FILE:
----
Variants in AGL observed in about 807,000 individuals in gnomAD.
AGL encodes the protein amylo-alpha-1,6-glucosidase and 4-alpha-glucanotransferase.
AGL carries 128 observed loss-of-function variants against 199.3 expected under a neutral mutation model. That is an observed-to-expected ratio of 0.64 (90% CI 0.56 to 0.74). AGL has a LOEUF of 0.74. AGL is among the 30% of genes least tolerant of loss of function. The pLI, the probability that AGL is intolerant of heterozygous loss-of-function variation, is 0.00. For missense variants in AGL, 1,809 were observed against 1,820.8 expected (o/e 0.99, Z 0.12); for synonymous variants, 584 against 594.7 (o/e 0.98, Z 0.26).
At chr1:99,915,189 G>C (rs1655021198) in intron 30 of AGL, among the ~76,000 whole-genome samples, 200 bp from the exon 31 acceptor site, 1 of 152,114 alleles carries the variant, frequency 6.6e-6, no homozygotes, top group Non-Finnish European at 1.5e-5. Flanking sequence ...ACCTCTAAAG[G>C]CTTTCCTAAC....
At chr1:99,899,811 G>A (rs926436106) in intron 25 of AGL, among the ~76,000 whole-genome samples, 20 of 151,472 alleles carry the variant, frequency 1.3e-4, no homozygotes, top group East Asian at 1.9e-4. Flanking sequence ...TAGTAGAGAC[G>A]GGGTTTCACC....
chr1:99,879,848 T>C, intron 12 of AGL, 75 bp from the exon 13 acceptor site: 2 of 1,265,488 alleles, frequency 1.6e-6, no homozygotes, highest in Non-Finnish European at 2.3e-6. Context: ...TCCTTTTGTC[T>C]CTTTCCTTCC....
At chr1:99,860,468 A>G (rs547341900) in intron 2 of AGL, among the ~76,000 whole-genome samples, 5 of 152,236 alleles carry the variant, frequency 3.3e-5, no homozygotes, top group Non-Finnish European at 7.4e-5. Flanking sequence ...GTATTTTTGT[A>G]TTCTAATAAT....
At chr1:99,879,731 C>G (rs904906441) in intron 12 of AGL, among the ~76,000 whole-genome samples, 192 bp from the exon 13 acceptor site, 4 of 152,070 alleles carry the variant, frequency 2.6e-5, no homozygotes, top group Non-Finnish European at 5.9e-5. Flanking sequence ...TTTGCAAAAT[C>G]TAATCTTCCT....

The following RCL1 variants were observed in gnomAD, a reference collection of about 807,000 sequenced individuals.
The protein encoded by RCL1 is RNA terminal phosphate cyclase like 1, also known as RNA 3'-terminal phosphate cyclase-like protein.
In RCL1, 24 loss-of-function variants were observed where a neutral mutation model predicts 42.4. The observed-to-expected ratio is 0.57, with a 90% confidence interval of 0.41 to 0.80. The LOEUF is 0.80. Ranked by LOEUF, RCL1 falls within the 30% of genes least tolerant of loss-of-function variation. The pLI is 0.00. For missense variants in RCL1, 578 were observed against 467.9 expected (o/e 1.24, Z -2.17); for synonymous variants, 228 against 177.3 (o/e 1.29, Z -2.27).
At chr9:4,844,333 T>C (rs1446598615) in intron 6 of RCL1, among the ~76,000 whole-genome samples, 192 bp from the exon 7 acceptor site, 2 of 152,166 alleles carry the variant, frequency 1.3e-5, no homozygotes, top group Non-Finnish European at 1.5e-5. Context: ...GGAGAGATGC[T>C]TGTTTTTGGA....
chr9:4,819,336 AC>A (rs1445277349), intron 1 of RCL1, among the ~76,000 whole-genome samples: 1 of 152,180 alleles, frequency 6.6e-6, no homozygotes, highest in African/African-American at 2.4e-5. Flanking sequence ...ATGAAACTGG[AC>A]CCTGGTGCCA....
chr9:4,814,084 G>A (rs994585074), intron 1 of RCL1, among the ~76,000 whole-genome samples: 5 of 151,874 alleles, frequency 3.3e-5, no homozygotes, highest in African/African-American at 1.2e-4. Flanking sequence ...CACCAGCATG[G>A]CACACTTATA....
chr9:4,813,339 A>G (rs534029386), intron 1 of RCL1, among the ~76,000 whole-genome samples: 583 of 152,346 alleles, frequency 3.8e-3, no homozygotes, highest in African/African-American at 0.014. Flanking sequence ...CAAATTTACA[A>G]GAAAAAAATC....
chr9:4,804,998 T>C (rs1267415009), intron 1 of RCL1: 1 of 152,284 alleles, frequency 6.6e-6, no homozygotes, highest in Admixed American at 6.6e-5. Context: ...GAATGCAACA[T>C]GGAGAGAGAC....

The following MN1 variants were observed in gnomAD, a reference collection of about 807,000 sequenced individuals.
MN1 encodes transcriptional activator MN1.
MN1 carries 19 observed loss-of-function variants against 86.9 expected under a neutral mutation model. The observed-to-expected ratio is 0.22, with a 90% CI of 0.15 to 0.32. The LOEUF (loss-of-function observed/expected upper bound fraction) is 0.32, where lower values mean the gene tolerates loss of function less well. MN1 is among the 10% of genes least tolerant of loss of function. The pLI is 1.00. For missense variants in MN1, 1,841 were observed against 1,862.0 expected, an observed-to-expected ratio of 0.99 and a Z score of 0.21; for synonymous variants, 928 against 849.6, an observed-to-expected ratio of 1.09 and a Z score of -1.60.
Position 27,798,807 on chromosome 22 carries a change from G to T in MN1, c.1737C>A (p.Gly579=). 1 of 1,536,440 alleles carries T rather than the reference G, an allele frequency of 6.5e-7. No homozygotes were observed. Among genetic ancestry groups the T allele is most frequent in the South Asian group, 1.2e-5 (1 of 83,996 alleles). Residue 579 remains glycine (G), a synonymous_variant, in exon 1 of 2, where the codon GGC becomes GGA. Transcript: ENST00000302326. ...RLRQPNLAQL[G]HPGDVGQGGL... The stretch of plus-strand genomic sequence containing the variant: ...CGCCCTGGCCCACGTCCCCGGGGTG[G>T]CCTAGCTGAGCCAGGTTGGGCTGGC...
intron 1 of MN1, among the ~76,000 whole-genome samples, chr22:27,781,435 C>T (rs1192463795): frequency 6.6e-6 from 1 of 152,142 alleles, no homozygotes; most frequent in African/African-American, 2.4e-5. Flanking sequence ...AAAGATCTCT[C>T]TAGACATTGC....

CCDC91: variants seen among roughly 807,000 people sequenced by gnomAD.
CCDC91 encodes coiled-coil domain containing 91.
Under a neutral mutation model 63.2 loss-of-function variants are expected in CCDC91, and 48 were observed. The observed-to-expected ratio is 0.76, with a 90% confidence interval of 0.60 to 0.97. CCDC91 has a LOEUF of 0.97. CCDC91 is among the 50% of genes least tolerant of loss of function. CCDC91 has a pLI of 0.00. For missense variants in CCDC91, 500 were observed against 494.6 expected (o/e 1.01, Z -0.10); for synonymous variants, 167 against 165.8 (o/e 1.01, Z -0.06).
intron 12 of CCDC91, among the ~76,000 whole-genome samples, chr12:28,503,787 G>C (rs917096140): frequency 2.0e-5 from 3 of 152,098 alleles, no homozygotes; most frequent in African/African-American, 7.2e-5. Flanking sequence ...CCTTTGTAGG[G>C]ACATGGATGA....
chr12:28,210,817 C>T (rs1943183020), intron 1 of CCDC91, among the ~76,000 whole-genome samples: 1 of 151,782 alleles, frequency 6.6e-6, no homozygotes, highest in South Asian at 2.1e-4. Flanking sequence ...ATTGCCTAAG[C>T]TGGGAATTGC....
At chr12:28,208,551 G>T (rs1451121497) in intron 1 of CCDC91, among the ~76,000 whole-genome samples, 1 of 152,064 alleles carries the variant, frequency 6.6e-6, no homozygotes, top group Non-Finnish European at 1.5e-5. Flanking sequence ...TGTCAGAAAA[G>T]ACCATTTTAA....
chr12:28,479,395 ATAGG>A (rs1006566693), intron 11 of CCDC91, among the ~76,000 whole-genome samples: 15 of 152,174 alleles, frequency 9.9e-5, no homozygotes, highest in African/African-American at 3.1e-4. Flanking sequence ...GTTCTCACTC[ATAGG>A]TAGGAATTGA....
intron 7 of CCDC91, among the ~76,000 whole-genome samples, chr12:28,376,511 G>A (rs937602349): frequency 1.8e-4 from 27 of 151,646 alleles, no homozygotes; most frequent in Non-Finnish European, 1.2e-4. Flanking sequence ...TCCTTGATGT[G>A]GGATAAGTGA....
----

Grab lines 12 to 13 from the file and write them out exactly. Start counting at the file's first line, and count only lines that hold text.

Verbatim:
At chr9:4,844,333 T>C (rs1446598615) in intron 6 of RCL1, among the ~76,000 whole-genome samples, 192 bp from the exon 7 acceptor site, 2 of 152,166 alleles carry the variant, frequency 1.3e-5, no homozygotes, top group Non-Finnish European at 1.5e-5. Context: ...GGAGAGATGC[T>C]TGTTTTTGGA....
chr9:4,819,336 AC>A (rs1445277349), intron 1 of RCL1, among the ~76,000 whole-genome samples: 1 of 152,180 alleles, frequency 6.6e-6, no homozygotes, highest in African/African-American at 2.4e-5. Flanking sequence ...ATGAAACTGG[AC>A]CCTGGTGCCA....